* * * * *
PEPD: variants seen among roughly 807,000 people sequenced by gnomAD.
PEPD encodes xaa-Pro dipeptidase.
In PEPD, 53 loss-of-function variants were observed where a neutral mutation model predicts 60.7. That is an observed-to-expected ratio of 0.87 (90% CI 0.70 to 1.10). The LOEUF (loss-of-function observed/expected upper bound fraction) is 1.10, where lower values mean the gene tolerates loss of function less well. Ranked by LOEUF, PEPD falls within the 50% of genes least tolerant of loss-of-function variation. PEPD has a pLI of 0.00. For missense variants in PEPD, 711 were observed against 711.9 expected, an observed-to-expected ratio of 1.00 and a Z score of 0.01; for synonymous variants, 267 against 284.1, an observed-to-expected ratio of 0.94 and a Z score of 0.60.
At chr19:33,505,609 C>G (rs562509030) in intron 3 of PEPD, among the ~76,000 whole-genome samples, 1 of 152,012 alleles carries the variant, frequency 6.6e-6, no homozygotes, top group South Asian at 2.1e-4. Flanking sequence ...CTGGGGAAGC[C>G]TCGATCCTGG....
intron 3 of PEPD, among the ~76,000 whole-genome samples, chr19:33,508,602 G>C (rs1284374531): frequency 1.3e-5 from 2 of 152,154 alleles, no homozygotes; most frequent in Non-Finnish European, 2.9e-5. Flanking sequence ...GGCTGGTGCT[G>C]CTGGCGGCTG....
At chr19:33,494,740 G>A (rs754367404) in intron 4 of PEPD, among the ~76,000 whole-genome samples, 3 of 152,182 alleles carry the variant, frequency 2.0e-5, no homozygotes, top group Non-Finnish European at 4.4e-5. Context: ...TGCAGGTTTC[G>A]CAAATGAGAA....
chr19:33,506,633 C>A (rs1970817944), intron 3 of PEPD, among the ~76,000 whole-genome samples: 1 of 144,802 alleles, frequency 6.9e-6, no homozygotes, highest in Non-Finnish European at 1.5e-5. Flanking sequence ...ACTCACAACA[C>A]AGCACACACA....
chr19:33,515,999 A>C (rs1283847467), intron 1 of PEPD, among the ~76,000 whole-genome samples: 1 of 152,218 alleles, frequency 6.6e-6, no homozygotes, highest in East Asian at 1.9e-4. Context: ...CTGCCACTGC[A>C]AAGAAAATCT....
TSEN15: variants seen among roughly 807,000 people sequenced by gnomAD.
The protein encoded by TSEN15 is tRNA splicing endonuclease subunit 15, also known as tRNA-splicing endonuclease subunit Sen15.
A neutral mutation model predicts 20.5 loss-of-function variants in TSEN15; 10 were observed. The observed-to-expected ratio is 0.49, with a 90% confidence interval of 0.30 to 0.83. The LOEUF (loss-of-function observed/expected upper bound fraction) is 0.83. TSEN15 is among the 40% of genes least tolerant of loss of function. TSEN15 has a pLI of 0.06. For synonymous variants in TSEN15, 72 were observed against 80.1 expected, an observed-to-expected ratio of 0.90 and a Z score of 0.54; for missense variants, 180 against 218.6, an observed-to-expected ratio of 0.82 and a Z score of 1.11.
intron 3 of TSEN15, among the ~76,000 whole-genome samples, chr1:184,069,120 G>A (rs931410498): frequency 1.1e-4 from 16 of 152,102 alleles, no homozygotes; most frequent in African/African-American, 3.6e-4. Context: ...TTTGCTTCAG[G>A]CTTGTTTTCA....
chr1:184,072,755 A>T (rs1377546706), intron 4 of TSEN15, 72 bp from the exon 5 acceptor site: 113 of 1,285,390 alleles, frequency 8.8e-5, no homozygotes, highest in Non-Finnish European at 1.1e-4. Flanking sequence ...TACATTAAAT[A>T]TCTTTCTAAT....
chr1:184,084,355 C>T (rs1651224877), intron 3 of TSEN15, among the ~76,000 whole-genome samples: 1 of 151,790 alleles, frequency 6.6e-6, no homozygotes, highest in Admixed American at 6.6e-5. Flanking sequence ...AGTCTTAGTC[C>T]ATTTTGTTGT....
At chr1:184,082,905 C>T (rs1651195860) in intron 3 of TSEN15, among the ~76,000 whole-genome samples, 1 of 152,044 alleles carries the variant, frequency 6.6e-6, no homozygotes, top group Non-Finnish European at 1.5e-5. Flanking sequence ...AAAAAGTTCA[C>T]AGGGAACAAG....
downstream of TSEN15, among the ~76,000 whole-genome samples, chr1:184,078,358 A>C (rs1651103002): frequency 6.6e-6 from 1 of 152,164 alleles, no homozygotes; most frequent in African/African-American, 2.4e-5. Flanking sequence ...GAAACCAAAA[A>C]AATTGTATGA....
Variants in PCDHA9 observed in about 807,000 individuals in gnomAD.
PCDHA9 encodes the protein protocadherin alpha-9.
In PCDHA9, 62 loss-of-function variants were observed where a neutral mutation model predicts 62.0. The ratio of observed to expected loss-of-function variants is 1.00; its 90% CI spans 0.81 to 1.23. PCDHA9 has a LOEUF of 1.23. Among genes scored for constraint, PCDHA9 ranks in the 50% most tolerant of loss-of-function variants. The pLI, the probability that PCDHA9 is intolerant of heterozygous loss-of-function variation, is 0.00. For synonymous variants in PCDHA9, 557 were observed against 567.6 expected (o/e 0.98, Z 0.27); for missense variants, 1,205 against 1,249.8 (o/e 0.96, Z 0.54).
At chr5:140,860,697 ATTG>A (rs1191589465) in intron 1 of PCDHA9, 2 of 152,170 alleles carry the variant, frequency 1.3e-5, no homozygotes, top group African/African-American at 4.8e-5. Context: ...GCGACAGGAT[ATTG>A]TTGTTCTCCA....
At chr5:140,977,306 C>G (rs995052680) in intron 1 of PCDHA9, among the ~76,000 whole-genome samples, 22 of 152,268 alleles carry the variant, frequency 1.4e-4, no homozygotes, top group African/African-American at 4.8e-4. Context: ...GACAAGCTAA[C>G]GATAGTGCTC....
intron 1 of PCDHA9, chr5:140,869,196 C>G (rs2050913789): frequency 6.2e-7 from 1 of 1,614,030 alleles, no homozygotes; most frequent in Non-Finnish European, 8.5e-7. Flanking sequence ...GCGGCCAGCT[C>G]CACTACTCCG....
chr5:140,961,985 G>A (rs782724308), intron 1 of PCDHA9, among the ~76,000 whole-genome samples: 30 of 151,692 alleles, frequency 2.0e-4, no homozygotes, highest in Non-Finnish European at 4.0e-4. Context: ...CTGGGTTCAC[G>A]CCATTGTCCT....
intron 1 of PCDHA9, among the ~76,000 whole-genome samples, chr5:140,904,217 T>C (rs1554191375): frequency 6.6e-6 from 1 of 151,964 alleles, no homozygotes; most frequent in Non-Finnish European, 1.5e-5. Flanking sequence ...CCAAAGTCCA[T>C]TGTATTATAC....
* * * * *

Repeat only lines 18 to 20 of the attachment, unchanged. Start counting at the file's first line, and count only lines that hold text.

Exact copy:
PCDHA9 encodes the protein protocadherin alpha-9.
In PCDHA9, 62 loss-of-function variants were observed where a neutral mutation model predicts 62.0. The ratio of observed to expected loss-of-function variants is 1.00; its 90% CI spans 0.81 to 1.23. PCDHA9 has a LOEUF of 1.23. Among genes scored for constraint, PCDHA9 ranks in the 50% most tolerant of loss-of-function variants. The pLI, the probability that PCDHA9 is intolerant of heterozygous loss-of-function variation, is 0.00. For synonymous variants in PCDHA9, 557 were observed against 567.6 expected (o/e 0.98, Z 0.27); for missense variants, 1,205 against 1,249.8 (o/e 0.96, Z 0.54).
At chr5:140,860,697 ATTG>A (rs1191589465) in intron 1 of PCDHA9, 2 of 152,170 alleles carry the variant, frequency 1.3e-5, no homozygotes, top group African/African-American at 4.8e-5. Context: ...GCGACAGGAT[ATTG>A]TTGTTCTCCA....